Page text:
Robert Pogson

One man, closing all the windows.

Linux 3.6.11, Stable But Fast-moving

technology

Linux 3.6.11, Stable But Fast-moving

“I’m announcing the release of the 3.6.11 kernel.

Note, this is the LAST kernel in the 3.6.y series, it is now end-of-life. Please move to the 3.7.y kernel series at this time.”

see LKML: Greg KH: Linux 3.6.11.

Shucks. I rebuilt my kernel yesterday and I’m almost obsolete… ;-)

You can get your next kernel here. I bunzip2, check the signature on the tar file (gpg linux-3.7.1.tar.sign), untar, change to the directory and, on my Debian GNU/Linux system,

  • make mrproper
  • make oldconfig (picks up latest config from /boot/)
  • make -j 2 (use 2 CPUs)
  • make modules_install install and reboot

Takes 20 minutes or so and I have no performance issues while it grinds away.

4 Comments

  1. Robert Pogson

    Mk wrote, of building kernels, “I wonder, why you’d do it at all, especially if the kernel provided by Debian gets the job done.”

    I occasionally add new USB thingies that may or may not be recognized by the kernel in Debian, I like helping the Linux community by testing the product, and from time to time, Linux adds improvements for performance, security and the like. Also, being retired in the winter can be boring…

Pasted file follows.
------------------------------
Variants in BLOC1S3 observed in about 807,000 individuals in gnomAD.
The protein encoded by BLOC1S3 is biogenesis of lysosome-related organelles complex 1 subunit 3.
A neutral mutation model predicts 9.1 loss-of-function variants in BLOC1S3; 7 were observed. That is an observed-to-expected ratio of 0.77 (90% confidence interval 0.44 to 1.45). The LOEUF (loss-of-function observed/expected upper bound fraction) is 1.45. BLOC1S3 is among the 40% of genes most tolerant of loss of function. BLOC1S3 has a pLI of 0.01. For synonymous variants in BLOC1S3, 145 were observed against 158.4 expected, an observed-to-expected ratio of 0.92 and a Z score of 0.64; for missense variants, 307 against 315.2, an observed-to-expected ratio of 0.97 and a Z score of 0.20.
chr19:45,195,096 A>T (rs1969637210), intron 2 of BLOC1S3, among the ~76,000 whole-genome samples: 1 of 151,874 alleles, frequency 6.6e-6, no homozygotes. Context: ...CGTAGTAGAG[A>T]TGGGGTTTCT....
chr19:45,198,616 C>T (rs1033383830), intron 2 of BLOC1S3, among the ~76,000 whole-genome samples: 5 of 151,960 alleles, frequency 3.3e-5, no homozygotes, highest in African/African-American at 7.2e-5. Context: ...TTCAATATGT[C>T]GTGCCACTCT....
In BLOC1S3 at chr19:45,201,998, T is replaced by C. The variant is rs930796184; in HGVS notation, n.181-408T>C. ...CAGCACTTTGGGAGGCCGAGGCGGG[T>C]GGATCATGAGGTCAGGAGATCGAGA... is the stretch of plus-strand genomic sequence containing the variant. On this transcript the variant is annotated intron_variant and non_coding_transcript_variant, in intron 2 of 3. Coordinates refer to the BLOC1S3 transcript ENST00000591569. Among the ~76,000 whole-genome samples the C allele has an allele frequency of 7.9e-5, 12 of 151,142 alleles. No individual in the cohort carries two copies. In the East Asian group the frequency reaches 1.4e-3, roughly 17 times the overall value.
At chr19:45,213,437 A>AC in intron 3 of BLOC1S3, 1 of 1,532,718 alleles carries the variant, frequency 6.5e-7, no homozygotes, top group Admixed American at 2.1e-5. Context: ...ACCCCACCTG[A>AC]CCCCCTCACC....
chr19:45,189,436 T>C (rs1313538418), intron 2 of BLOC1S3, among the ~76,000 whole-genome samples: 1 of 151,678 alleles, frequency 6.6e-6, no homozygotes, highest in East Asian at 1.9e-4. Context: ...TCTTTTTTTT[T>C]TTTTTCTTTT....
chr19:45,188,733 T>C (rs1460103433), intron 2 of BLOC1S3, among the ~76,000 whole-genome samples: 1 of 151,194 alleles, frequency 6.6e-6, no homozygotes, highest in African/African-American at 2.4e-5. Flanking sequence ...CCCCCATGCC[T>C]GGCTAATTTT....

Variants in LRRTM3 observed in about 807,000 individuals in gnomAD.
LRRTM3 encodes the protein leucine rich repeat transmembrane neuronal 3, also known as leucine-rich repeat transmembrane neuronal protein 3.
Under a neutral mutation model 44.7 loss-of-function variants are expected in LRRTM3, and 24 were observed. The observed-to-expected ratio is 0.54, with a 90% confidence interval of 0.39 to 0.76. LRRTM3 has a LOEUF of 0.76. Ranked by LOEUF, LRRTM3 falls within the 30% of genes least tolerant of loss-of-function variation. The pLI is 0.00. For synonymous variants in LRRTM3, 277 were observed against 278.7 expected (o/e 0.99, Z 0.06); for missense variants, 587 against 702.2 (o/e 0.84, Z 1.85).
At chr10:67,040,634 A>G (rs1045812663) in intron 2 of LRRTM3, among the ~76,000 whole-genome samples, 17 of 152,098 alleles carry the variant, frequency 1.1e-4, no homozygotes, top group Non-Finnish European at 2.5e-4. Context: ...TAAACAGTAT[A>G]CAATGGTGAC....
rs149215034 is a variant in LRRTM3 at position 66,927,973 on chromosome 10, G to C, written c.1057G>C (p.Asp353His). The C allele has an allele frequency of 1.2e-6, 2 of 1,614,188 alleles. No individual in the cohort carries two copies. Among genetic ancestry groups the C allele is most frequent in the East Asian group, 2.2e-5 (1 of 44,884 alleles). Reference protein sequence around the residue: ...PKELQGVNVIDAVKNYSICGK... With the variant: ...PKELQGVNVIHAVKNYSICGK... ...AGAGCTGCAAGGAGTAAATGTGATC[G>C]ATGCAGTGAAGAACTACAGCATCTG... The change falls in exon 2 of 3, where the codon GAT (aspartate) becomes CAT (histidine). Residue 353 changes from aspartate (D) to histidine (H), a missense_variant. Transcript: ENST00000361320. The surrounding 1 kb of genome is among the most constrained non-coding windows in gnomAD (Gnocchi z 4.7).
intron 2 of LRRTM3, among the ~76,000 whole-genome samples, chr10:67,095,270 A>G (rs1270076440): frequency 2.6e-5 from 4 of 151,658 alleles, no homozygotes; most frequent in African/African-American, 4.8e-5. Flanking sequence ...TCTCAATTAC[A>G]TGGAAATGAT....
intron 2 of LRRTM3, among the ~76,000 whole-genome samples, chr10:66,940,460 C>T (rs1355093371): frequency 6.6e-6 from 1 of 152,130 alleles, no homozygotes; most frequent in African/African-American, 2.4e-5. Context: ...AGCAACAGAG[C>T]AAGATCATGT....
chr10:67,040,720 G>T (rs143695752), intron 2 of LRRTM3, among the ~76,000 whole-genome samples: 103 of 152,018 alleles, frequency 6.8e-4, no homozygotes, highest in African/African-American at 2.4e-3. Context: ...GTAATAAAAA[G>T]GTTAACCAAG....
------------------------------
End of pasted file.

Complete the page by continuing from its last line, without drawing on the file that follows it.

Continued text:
Others may need a kernel that loads faster, is smaller or works with some strange hardware where they edit the configuration severely to get what they want. I did that a bit, knowing I would never have various bits of server-only hardware.

  2. Mk

    Can you give us some insights, I wonder, why you’d do it at all, especially if the kernel provided by Debian gets the job done. I’ve never felt the need to build the latest stable kernel. Have I missed much? Oh, by the way, thank you for not recommending it to ordinary desktop and mobile users. It was such a relief.

  3. kozmcrae

    It’s been said that a dictatorship is the most efficient form of government. If that’s so then a benevolent dictatorship must be the most efficient form of software development.

    It certainly seems that way with Linux.

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